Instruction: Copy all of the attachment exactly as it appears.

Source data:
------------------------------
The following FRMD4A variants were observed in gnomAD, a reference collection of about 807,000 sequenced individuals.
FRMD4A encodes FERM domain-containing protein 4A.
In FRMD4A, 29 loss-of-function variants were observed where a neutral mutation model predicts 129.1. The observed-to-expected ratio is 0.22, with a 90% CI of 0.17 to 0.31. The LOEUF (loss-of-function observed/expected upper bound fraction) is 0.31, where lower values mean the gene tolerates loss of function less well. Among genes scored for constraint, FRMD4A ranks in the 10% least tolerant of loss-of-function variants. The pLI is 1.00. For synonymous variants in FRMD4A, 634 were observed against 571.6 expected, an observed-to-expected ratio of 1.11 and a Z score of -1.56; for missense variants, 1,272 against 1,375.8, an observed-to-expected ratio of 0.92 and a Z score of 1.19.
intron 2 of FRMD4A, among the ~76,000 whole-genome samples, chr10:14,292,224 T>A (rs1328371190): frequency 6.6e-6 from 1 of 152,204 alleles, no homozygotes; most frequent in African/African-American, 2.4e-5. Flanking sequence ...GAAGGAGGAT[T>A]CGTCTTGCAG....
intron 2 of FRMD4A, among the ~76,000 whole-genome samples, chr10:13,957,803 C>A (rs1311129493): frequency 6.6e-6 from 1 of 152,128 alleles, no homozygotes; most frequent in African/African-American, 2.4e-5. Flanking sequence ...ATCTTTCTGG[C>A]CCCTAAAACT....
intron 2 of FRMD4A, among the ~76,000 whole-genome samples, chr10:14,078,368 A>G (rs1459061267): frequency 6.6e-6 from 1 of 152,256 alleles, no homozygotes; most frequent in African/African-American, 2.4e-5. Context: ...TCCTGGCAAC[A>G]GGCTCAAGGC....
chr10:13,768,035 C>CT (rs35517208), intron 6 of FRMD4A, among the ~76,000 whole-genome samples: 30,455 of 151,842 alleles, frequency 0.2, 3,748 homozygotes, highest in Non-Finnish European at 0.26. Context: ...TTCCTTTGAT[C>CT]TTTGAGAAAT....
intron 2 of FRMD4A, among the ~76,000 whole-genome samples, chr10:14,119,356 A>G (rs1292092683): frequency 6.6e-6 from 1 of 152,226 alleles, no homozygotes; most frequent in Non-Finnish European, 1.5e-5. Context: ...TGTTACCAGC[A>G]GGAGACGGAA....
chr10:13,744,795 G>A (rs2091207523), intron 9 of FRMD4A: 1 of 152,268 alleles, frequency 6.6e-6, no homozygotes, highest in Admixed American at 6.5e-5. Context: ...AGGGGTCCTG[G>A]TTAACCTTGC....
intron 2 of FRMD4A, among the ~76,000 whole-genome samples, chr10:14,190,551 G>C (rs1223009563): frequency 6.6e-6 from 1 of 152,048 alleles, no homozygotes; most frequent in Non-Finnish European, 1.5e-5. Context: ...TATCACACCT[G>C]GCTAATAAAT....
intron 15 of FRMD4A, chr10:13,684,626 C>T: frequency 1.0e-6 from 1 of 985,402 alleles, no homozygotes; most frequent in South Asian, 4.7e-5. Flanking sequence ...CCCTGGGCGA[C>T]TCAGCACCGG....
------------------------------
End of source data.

The following FRMD4A variants were observed in gnomAD, a reference collection of about 807,000 sequenced individuals.
FRMD4A encodes FERM domain-containing protein 4A.
In FRMD4A, 29 loss-of-function variants were observed where a neutral mutation model predicts 129.1. The observed-to-expected ratio is 0.22, with a 90% CI of 0.17 to 0.31. The LOEUF (loss-of-function observed/expected upper bound fraction) is 0.31, where lower values mean the gene tolerates loss of function less well. Among genes scored for constraint, FRMD4A ranks in the 10% least tolerant of loss-of-function variants. The pLI is 1.00. For synonymous variants in FRMD4A, 634 were observed against 571.6 expected, an observed-to-expected ratio of 1.11 and a Z score of -1.56; for missense variants, 1,272 against 1,375.8, an observed-to-expected ratio of 0.92 and a Z score of 1.19.
intron 2 of FRMD4A, among the ~76,000 whole-genome samples, chr10:14,292,224 T>A (rs1328371190): frequency 6.6e-6 from 1 of 152,204 alleles, no homozygotes; most frequent in African/African-American, 2.4e-5. Flanking sequence ...GAAGGAGGAT[T>A]CGTCTTGCAG....
intron 2 of FRMD4A, among the ~76,000 whole-genome samples, chr10:13,957,803 C>A (rs1311129493): frequency 6.6e-6 from 1 of 152,128 alleles, no homozygotes; most frequent in African/African-American, 2.4e-5. Flanking sequence ...ATCTTTCTGG[C>A]CCCTAAAACT....
intron 2 of FRMD4A, among the ~76,000 whole-genome samples, chr10:14,078,368 A>G (rs1459061267): frequency 6.6e-6 from 1 of 152,256 alleles, no homozygotes; most frequent in African/African-American, 2.4e-5. Context: ...TCCTGGCAAC[A>G]GGCTCAAGGC....
chr10:13,768,035 C>CT (rs35517208), intron 6 of FRMD4A, among the ~76,000 whole-genome samples: 30,455 of 151,842 alleles, frequency 0.2, 3,748 homozygotes, highest in Non-Finnish European at 0.26. Context: ...TTCCTTTGAT[C>CT]TTTGAGAAAT....
intron 2 of FRMD4A, among the ~76,000 whole-genome samples, chr10:14,119,356 A>G (rs1292092683): frequency 6.6e-6 from 1 of 152,226 alleles, no homozygotes; most frequent in Non-Finnish European, 1.5e-5. Context: ...TGTTACCAGC[A>G]GGAGACGGAA....
chr10:13,744,795 G>A (rs2091207523), intron 9 of FRMD4A: 1 of 152,268 alleles, frequency 6.6e-6, no homozygotes, highest in Admixed American at 6.5e-5. Context: ...AGGGGTCCTG[G>A]TTAACCTTGC....
intron 2 of FRMD4A, among the ~76,000 whole-genome samples, chr10:14,190,551 G>C (rs1223009563): frequency 6.6e-6 from 1 of 152,048 alleles, no homozygotes; most frequent in Non-Finnish European, 1.5e-5. Context: ...TATCACACCT[G>C]GCTAATAAAT....
intron 15 of FRMD4A, chr10:13,684,626 C>T: frequency 1.0e-6 from 1 of 985,402 alleles, no homozygotes; most frequent in South Asian, 4.7e-5. Flanking sequence ...CCCTGGGCGA[C>T]TCAGCACCGG....